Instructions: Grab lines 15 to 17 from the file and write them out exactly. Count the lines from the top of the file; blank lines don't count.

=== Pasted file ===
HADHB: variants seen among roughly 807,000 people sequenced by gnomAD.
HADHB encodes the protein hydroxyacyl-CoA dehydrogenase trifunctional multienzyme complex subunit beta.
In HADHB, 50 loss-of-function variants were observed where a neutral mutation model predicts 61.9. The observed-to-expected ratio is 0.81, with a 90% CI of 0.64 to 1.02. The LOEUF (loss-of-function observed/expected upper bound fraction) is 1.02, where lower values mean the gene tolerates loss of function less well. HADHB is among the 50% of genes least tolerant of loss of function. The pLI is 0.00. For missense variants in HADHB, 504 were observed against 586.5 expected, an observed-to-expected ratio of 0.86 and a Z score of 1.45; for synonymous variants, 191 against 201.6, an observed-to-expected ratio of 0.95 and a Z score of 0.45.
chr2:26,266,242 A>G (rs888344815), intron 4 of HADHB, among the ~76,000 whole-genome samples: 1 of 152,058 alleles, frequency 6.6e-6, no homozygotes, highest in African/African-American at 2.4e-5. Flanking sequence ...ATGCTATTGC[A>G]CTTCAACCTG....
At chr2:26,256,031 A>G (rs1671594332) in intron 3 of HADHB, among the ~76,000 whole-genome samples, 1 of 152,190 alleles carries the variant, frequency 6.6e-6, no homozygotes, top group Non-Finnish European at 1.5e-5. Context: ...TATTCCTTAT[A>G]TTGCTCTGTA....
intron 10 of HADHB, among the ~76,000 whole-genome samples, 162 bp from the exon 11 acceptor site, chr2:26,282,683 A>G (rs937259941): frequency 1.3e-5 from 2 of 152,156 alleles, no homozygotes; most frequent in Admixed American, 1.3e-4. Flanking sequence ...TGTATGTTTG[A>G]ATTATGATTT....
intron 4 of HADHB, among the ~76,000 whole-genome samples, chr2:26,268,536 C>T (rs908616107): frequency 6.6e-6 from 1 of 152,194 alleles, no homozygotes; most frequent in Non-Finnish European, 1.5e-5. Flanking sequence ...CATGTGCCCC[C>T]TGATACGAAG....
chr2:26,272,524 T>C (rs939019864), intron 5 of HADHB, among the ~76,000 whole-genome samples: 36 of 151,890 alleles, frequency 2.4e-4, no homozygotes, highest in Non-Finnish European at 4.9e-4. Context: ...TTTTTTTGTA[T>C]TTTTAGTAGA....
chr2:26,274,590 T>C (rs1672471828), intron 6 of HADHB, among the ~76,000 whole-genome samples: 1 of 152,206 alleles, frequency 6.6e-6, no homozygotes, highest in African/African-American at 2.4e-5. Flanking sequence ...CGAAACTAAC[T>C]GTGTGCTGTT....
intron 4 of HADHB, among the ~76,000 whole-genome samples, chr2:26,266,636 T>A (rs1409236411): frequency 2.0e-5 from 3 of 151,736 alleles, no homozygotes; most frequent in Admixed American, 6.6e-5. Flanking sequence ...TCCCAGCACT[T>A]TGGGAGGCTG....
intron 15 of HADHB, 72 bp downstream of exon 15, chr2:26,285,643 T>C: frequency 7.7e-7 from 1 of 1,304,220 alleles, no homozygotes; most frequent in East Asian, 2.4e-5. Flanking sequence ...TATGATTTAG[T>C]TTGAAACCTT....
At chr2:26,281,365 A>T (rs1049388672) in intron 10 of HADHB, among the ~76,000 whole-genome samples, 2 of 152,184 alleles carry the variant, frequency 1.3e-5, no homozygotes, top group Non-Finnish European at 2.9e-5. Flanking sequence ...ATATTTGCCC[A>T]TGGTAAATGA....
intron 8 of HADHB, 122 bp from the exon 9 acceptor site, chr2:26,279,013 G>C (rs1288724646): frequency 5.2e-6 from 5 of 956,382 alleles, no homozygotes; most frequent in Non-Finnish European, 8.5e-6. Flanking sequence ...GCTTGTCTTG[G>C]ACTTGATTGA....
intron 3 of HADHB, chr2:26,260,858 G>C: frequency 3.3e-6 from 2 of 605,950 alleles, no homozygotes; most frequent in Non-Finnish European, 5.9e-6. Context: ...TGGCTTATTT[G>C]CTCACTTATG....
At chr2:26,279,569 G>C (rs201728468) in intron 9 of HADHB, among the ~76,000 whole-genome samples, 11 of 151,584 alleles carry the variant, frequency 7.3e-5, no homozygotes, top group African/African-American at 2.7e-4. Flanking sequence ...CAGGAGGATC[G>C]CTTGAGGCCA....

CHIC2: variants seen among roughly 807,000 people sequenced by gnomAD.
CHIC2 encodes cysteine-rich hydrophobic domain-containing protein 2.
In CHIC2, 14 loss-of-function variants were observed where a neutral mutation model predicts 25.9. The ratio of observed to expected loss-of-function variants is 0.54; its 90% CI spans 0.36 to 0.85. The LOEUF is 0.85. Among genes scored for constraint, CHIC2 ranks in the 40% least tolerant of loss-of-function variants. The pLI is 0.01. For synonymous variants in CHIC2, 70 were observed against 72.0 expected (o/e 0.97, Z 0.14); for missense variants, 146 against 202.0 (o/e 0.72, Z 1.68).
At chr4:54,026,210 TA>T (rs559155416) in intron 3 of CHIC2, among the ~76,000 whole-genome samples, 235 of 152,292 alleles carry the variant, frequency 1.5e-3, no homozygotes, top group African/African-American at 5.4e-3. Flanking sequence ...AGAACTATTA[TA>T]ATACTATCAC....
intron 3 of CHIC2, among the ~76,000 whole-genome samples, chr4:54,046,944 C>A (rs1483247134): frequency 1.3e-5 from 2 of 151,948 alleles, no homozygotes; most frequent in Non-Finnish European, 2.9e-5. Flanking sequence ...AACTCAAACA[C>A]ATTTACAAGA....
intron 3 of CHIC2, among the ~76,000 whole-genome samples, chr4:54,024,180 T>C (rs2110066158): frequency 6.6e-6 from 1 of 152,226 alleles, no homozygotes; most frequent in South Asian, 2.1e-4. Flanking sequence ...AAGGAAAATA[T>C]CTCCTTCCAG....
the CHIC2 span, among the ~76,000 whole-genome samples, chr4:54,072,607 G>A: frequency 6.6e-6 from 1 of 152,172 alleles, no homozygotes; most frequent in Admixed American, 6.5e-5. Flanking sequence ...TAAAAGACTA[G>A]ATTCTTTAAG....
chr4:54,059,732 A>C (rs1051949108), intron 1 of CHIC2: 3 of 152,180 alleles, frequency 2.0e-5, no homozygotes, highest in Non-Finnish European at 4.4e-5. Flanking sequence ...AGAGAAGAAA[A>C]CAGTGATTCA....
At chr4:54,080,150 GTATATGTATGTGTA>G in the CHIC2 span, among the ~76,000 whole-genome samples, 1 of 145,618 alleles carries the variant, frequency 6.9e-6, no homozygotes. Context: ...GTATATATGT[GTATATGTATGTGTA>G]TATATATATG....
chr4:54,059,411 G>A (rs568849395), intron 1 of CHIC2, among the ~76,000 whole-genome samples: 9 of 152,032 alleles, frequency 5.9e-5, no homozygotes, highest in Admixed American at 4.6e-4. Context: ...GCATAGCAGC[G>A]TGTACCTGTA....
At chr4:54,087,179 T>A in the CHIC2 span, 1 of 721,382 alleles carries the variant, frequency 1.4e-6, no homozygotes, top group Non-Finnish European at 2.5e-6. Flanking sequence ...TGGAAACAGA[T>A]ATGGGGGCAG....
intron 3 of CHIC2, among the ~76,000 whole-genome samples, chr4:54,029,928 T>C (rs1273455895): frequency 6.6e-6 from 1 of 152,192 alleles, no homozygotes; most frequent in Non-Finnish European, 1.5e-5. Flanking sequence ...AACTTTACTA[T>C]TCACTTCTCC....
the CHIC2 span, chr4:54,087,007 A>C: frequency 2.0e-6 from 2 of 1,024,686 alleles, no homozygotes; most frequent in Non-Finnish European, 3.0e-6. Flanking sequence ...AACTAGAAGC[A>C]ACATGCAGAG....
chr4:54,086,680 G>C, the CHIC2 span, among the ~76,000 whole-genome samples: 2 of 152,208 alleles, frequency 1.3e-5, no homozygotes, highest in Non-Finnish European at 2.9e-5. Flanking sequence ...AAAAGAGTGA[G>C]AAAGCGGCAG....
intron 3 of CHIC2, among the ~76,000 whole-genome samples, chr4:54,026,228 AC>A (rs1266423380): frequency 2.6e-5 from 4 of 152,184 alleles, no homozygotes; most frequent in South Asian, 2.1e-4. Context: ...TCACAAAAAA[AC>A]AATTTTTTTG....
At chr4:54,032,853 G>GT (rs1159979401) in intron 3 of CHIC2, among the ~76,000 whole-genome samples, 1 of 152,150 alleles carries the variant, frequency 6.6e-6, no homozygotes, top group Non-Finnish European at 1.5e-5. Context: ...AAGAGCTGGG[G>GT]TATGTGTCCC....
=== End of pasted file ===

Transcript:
At chr2:26,279,569 G>C (rs201728468) in intron 9 of HADHB, among the ~76,000 whole-genome samples, 11 of 151,584 alleles carry the variant, frequency 7.3e-5, no homozygotes, top group African/African-American at 2.7e-4. Flanking sequence ...CAGGAGGATC[G>C]CTTGAGGCCA....

CHIC2: variants seen among roughly 807,000 people sequenced by gnomAD.
CHIC2 encodes cysteine-rich hydrophobic domain-containing protein 2.